Edward was Harthacnuts half brother and the son of Æthelred and Emma. He was made king in 1042. He had spent most of his life in exile in Normandy, so his relationship to Normandy was closer than to either Denmark or England. A long-lasting conflict between Edward and the family of Godwin, the earl of Wessex, characterised Edward's reign in the 1050s and early 1060s. He died heirless as the last Anglo-Saxon king, a situation that led to the Norman Conquest. He was a very religious king, which earned him the title the Confessor.
History, Old English Period, Political, Kings + Rulers, Norman Conquest
1066 1089

William I (the Conqueror)

William was the first Norman king of England. His predecessor Edward the Confessor was his first cousin once removed and had maintained a close relationship to William, having promised the throne to William during his stays in Normandy and making William's claim to the throne well-founded. William became king of England after the Norman Conquest. During his reign, William gave orders to compile a great survey of all the landed possessions in England to strengthen his authority.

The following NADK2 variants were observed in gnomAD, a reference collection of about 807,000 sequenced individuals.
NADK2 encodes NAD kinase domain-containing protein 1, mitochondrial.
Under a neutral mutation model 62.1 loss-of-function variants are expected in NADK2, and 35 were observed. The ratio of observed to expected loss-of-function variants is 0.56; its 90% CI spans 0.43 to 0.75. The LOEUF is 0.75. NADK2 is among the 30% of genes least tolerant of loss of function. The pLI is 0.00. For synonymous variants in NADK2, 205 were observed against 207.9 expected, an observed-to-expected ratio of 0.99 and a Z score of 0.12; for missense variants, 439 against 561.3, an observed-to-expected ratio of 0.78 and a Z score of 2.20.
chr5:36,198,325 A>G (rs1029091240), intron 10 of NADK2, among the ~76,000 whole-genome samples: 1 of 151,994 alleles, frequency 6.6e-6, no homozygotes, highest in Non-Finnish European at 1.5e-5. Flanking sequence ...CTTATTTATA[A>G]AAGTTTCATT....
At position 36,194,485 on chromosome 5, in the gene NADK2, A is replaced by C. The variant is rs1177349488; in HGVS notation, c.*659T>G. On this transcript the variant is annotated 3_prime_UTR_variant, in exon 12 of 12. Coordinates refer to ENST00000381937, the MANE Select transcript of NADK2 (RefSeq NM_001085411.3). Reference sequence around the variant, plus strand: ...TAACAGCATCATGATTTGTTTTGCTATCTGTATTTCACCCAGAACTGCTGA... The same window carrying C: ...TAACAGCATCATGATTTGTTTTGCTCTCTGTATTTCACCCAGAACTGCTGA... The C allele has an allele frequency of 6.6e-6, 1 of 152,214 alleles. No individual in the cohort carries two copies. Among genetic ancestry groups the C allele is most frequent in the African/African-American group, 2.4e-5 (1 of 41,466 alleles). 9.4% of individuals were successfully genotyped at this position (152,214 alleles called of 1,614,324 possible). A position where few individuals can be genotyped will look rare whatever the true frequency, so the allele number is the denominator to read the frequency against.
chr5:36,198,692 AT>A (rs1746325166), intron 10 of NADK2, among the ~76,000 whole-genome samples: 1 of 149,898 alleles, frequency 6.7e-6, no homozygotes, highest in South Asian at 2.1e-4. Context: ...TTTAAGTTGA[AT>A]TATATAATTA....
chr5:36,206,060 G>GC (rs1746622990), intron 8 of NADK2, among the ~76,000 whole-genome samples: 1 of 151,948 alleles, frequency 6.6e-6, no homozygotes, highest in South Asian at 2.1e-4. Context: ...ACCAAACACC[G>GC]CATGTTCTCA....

History, Middle English Period, Kings + Rulers, Norman Conquest, Political
1087 1100

William II

While the eldest son of William I, Robert Curthose, inherited Normandy, England went to the third in line – William II, after the death of his elder brother and second-in-line Richard. William II did not really extend his dominion, but still managed to secure Cumberland and Westmoreland and defeated the King Malcolm III of Scotland in 1091. William II died under questionable circumstances being hit by an arrow on a hunting trip, supposedly by of one of his own men.
History, Kings + Rulers, Middle English Period, Political
1100 1135